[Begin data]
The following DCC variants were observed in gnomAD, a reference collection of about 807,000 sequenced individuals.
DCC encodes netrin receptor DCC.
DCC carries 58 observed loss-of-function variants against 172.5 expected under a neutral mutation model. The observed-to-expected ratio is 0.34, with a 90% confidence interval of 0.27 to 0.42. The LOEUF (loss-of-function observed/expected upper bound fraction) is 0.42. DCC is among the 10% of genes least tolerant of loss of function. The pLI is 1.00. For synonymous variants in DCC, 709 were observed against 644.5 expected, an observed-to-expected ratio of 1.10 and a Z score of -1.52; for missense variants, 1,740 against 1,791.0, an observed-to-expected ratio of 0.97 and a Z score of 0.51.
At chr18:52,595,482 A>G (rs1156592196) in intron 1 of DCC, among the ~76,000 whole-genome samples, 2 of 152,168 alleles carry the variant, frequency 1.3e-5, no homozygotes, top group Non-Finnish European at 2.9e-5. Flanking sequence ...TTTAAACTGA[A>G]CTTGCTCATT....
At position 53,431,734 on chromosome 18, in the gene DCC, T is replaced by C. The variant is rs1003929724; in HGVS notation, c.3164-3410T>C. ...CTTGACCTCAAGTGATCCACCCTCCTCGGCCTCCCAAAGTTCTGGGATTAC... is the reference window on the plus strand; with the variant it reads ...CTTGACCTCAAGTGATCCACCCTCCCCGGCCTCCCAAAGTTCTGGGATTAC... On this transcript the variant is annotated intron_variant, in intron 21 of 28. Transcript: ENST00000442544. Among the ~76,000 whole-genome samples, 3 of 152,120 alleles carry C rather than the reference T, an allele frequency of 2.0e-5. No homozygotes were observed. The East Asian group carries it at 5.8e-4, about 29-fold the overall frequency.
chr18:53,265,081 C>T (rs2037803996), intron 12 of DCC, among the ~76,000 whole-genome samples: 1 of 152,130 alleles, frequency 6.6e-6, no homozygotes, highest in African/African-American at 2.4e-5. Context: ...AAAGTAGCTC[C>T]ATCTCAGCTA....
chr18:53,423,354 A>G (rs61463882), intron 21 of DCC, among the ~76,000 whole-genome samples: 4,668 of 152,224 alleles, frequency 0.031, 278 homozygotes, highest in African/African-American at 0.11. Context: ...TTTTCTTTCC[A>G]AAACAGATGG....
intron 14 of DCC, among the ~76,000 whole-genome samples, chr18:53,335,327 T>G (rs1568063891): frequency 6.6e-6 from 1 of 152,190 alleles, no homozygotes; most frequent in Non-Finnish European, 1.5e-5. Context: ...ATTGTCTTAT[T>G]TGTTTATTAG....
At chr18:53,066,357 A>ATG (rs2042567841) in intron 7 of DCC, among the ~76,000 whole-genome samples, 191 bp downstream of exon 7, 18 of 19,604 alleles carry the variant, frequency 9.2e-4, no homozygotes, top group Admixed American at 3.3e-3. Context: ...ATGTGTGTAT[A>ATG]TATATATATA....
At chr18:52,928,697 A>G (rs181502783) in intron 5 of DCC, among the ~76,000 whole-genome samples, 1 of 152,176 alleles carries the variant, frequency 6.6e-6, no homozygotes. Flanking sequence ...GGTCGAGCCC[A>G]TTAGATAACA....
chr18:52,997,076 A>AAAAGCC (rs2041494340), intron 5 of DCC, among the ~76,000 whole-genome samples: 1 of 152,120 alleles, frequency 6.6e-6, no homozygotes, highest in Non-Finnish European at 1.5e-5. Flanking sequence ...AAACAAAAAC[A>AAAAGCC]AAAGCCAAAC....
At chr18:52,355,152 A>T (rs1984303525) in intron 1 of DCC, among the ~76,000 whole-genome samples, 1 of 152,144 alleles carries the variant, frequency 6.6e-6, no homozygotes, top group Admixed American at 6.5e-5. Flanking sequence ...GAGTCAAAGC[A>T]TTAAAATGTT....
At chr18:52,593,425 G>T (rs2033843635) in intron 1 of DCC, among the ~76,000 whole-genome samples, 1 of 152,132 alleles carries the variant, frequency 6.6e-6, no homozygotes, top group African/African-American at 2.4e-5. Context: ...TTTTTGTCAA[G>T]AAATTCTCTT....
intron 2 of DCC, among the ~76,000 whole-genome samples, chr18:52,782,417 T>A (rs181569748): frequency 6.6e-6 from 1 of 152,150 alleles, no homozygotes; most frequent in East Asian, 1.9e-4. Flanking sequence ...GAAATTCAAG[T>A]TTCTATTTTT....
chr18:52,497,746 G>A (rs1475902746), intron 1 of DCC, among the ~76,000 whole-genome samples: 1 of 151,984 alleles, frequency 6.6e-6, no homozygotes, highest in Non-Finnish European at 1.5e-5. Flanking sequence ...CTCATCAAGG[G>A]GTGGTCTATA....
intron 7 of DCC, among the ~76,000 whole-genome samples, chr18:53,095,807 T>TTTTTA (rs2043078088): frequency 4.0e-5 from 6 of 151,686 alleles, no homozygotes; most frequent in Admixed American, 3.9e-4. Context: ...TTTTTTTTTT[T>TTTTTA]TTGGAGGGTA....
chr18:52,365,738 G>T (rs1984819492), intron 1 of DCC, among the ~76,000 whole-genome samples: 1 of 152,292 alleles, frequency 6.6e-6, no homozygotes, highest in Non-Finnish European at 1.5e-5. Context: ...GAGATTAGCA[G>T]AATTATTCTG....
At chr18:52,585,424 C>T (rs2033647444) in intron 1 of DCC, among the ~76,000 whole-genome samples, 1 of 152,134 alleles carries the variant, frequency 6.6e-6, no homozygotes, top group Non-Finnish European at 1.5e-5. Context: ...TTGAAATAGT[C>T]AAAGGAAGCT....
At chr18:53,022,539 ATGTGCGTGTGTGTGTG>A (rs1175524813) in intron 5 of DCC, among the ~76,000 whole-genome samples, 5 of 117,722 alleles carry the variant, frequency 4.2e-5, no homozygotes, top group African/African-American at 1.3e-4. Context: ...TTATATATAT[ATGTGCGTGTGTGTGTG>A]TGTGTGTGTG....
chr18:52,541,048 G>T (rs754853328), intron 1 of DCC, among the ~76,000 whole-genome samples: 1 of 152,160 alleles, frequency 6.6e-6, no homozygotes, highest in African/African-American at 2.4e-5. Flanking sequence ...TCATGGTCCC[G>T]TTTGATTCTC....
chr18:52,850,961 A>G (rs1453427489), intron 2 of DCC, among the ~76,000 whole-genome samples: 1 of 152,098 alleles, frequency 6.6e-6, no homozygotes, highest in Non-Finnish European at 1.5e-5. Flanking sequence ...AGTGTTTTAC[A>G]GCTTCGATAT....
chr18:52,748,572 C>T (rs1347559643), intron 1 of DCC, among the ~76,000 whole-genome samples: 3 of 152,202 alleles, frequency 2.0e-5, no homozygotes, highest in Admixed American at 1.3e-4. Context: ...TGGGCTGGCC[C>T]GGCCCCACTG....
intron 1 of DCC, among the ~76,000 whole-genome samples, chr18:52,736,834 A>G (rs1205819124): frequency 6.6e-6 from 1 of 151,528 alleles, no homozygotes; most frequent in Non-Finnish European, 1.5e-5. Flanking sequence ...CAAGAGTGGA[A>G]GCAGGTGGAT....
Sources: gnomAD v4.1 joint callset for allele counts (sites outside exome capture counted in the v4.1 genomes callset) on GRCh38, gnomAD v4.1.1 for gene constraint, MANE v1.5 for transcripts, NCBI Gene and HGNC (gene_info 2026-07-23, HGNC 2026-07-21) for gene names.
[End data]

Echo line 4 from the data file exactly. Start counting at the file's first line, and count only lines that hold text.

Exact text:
At chr18:52,595,482 A>G (rs1156592196) in intron 1 of DCC, among the ~76,000 whole-genome samples, 2 of 152,168 alleles carry the variant, frequency 1.3e-5, no homozygotes, top group Non-Finnish European at 2.9e-5. Flanking sequence ...TTTAAACTGA[A>G]CTTGCTCATT....